Upon substitution for the constants, we obtain a value of $W = 8.94 eV$. This answer is closer to the experimentally observed value for the energy, but is about 10% too high, since repulsive forces, the kinetic energy of crystal vibrations, etc., have not been taken into account. If corrections for these effects are considered, a value in close agreement with the experimental value can be obtained [3]. This does, however, provide insight that the major contribution to the energy of a crystal such as NaCl is, in fact, electrostatic (about a 90% contributor).

II.3. Evaluation of the Electrostatic Energy

As shown in the above example, in typical ionic crystals the electrostatic energy is in fact quite close to the observed cohesive energy in alkali halides [12]. Often times, this energy is written as

$W_{coul} = \alpha {e^2 \over r_{0}}$

where r0 is a characteristic length of the crystal structure, such as the cubic root of the volume of the unit cell, or the nearest-neighbor distance [12]. $\alpha$, which depends only on the crystal structure, is known as the Madelung constant, named so because it was first calculated by Erwin Madelung, a German physicist [12]. This constant is of central importance of ionic crystal theory, and values for common ionic crystals can be found in Table 1 (For more crystal types, see Wyckoff[15]). Often, the electrostatic interaction, $W_{coul}$, also bears this physicists’ name, and is referred to as the Madelung energy.


Table. 1. Madelung constants for some typical ionic structures. The first row of values refer to the nearest-neighbor distance, while the second row refers to the lattice parameter. Both values are correct, but reference to the nearest-neighbor distance is most commonly used.

The NaCl example presented in section II.2 shows a Madelung constant of 1.747, and a characteristic length, a=2.82 angstroms, based on the nearest-neighbor distance. This example showed the nature of the Madelung constant (a large summation of interactions over the entire crystal) and provided a simple look at the electrostatic interactions in an ionic crystal. However, the calculation of these Madelung energies is often not an easy task due to the slow decrease of the Coulomb interaction with distance [2]. It is not possible to write down the successive terms of the Madelung constant by a casual inspection and the series will not converge unless the successive terms in the series are arranged so that the contributions from the positive and negative terms nearly cancel [7]. A powerful general method for lattice sum calculations was developed by Peter Paul Ewald, a U.S., German-born crystallographer and physicist, as well as a pioneer of X-ray diffraction methods. Other methods have also been developed for such calculations. These include those by Bertaut, Evjen, Epstein, and Madelung himself. The Ewald method for the evaluation of the electrostatic potential in a crystal structure of point ions is discussed in the section entitled Ewald Method.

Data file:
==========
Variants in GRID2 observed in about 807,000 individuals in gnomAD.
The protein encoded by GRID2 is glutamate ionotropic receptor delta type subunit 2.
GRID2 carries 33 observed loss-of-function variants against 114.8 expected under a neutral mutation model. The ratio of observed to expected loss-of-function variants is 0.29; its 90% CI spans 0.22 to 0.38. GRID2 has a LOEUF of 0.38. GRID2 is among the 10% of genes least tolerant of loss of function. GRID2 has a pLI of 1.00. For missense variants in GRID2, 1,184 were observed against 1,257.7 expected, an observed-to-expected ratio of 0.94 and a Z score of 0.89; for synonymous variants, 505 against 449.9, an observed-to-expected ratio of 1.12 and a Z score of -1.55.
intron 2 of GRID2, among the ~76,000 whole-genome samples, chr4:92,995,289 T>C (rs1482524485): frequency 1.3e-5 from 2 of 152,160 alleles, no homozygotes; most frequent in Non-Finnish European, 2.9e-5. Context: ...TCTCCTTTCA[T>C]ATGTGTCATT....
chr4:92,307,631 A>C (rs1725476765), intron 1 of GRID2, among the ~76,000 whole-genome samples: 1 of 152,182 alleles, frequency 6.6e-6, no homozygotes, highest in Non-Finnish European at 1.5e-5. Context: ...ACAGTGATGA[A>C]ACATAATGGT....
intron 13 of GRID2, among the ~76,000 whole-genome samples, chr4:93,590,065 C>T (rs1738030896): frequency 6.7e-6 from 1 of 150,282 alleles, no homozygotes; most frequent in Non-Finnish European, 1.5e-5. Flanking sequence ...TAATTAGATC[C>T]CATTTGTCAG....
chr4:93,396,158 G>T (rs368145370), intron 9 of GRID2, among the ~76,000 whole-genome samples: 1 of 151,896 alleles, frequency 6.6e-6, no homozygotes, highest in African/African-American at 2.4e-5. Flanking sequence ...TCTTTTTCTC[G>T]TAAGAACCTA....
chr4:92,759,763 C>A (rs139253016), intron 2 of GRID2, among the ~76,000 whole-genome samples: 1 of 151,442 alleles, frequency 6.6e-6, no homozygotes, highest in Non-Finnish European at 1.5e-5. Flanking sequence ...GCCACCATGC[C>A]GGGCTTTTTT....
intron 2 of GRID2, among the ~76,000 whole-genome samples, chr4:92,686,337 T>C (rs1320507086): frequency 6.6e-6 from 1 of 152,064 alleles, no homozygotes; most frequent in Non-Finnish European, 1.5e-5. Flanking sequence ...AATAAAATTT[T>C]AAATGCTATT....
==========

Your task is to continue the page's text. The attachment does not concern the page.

II.4. Repulsive Contribution

Although the Madelung energy (electrostatic) is by far the largest contribution to the ionic crystal lattice energy, a repulsion term is obviously necessary to account for the stability of the crystal. This term arises from the fact that the ions have closed electron shells and resist the overlap of their electron clouds with neighboring ions [7].

The repulsive energy is generally written as a function of the first nearest-neighbors in the crystal (although it could also be expressed in such a way to contain explicitly the contributions of other ions) and is much simpler to determine than the Madelung energy. In this manner, the Born model reports the repulsive contribution for a simple crystal as:

$W_{rep} = Bexp( {-r \over \rho} )$

Here, B is the repulsion constant , $\rho$ is the repulsion exponenet, and r is the distance between two oppositely charged ions. The value of the repulsion constant, B, can be found if the fact that the total potential energy, W is minimum at the equilibrium separation, Re , of the oppositely charged ions, which involves setting the derivative of W equal to zero and solving.

II.5. Overall Lattice Energy

If the contributions of only the electrostatic and repulsive energies are considered (at equilibrium), the total lattice energy of an ionic crystal is [12]

$W_{total} = W_{coul} + W_{rep} = \alpha {e^2 \over r_{0}} + Bexp( {-r \over \rho} )$

This equation is of course that of the static crystal. It could be rewritten to account for the van der Waals contribution and the zero-point correction